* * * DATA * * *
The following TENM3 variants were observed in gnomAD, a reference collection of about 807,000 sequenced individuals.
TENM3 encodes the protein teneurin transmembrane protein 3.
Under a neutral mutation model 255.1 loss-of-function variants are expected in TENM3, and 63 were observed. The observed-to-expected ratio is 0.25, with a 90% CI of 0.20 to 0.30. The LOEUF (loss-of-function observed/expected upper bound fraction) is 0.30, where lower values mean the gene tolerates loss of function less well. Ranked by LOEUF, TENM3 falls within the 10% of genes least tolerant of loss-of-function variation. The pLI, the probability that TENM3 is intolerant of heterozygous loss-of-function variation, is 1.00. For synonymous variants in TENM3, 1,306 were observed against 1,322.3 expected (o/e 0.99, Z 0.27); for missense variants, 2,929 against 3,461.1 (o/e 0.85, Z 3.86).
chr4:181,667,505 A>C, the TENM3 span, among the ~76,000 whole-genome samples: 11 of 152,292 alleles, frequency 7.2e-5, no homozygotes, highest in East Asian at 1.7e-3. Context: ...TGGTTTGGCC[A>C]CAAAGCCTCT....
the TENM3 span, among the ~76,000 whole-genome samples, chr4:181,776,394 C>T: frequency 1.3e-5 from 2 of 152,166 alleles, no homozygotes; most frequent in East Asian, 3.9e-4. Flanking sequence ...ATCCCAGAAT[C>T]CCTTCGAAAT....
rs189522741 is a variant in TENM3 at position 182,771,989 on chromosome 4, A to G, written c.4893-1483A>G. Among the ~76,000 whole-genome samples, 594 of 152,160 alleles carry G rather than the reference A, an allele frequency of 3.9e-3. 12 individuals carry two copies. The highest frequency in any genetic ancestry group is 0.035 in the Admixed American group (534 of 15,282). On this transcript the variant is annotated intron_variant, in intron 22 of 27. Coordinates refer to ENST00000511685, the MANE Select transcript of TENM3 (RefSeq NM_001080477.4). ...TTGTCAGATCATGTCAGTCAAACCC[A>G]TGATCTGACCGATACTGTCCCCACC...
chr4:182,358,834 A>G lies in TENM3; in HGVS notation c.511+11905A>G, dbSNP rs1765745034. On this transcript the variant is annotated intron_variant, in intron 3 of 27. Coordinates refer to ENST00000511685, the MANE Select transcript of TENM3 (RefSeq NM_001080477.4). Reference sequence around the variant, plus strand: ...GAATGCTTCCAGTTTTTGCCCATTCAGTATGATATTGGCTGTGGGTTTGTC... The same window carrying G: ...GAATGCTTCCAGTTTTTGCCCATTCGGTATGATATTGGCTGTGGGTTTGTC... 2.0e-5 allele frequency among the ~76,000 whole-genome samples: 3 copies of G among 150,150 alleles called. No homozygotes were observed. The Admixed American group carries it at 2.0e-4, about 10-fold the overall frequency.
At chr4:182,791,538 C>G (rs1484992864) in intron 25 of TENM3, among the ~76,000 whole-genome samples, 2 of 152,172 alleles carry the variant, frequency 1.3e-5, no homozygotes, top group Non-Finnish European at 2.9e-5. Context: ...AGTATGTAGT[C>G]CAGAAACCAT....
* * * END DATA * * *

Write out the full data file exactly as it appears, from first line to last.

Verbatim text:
The following TENM3 variants were observed in gnomAD, a reference collection of about 807,000 sequenced individuals.
TENM3 encodes the protein teneurin transmembrane protein 3.
Under a neutral mutation model 255.1 loss-of-function variants are expected in TENM3, and 63 were observed. The observed-to-expected ratio is 0.25, with a 90% CI of 0.20 to 0.30. The LOEUF (loss-of-function observed/expected upper bound fraction) is 0.30, where lower values mean the gene tolerates loss of function less well. Ranked by LOEUF, TENM3 falls within the 10% of genes least tolerant of loss-of-function variation. The pLI, the probability that TENM3 is intolerant of heterozygous loss-of-function variation, is 1.00. For synonymous variants in TENM3, 1,306 were observed against 1,322.3 expected (o/e 0.99, Z 0.27); for missense variants, 2,929 against 3,461.1 (o/e 0.85, Z 3.86).
chr4:181,667,505 A>C, the TENM3 span, among the ~76,000 whole-genome samples: 11 of 152,292 alleles, frequency 7.2e-5, no homozygotes, highest in East Asian at 1.7e-3. Context: ...TGGTTTGGCC[A>C]CAAAGCCTCT....
the TENM3 span, among the ~76,000 whole-genome samples, chr4:181,776,394 C>T: frequency 1.3e-5 from 2 of 152,166 alleles, no homozygotes; most frequent in East Asian, 3.9e-4. Flanking sequence ...ATCCCAGAAT[C>T]CCTTCGAAAT....
rs189522741 is a variant in TENM3 at position 182,771,989 on chromosome 4, A to G, written c.4893-1483A>G. Among the ~76,000 whole-genome samples, 594 of 152,160 alleles carry G rather than the reference A, an allele frequency of 3.9e-3. 12 individuals carry two copies. The highest frequency in any genetic ancestry group is 0.035 in the Admixed American group (534 of 15,282). On this transcript the variant is annotated intron_variant, in intron 22 of 27. Coordinates refer to ENST00000511685, the MANE Select transcript of TENM3 (RefSeq NM_001080477.4). ...TTGTCAGATCATGTCAGTCAAACCC[A>G]TGATCTGACCGATACTGTCCCCACC...
chr4:182,358,834 A>G lies in TENM3; in HGVS notation c.511+11905A>G, dbSNP rs1765745034. On this transcript the variant is annotated intron_variant, in intron 3 of 27. Coordinates refer to ENST00000511685, the MANE Select transcript of TENM3 (RefSeq NM_001080477.4). Reference sequence around the variant, plus strand: ...GAATGCTTCCAGTTTTTGCCCATTCAGTATGATATTGGCTGTGGGTTTGTC... The same window carrying G: ...GAATGCTTCCAGTTTTTGCCCATTCGGTATGATATTGGCTGTGGGTTTGTC... 2.0e-5 allele frequency among the ~76,000 whole-genome samples: 3 copies of G among 150,150 alleles called. No homozygotes were observed. The Admixed American group carries it at 2.0e-4, about 10-fold the overall frequency.
At chr4:182,791,538 C>G (rs1484992864) in intron 25 of TENM3, among the ~76,000 whole-genome samples, 2 of 152,172 alleles carry the variant, frequency 1.3e-5, no homozygotes, top group Non-Finnish European at 2.9e-5. Context: ...AGTATGTAGT[C>G]CAGAAACCAT....